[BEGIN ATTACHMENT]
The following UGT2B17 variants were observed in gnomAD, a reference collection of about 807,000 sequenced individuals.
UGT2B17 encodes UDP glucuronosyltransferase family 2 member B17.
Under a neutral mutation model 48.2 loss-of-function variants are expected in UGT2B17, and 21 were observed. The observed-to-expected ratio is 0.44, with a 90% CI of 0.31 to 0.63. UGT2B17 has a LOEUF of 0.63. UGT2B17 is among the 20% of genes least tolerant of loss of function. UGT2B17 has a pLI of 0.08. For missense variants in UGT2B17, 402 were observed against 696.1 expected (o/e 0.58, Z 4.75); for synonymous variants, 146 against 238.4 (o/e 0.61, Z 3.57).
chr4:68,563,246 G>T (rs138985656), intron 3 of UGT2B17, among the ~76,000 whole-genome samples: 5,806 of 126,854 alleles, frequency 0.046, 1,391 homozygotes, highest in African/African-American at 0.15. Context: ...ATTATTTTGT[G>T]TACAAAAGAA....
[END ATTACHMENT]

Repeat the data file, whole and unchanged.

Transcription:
The following UGT2B17 variants were observed in gnomAD, a reference collection of about 807,000 sequenced individuals.
UGT2B17 encodes UDP glucuronosyltransferase family 2 member B17.
Under a neutral mutation model 48.2 loss-of-function variants are expected in UGT2B17, and 21 were observed. The observed-to-expected ratio is 0.44, with a 90% CI of 0.31 to 0.63. UGT2B17 has a LOEUF of 0.63. UGT2B17 is among the 20% of genes least tolerant of loss of function. UGT2B17 has a pLI of 0.08. For missense variants in UGT2B17, 402 were observed against 696.1 expected (o/e 0.58, Z 4.75); for synonymous variants, 146 against 238.4 (o/e 0.61, Z 3.57).
chr4:68,563,246 G>T (rs138985656), intron 3 of UGT2B17, among the ~76,000 whole-genome samples: 5,806 of 126,854 alleles, frequency 0.046, 1,391 homozygotes, highest in African/African-American at 0.15. Context: ...ATTATTTTGT[G>T]TACAAAAGAA....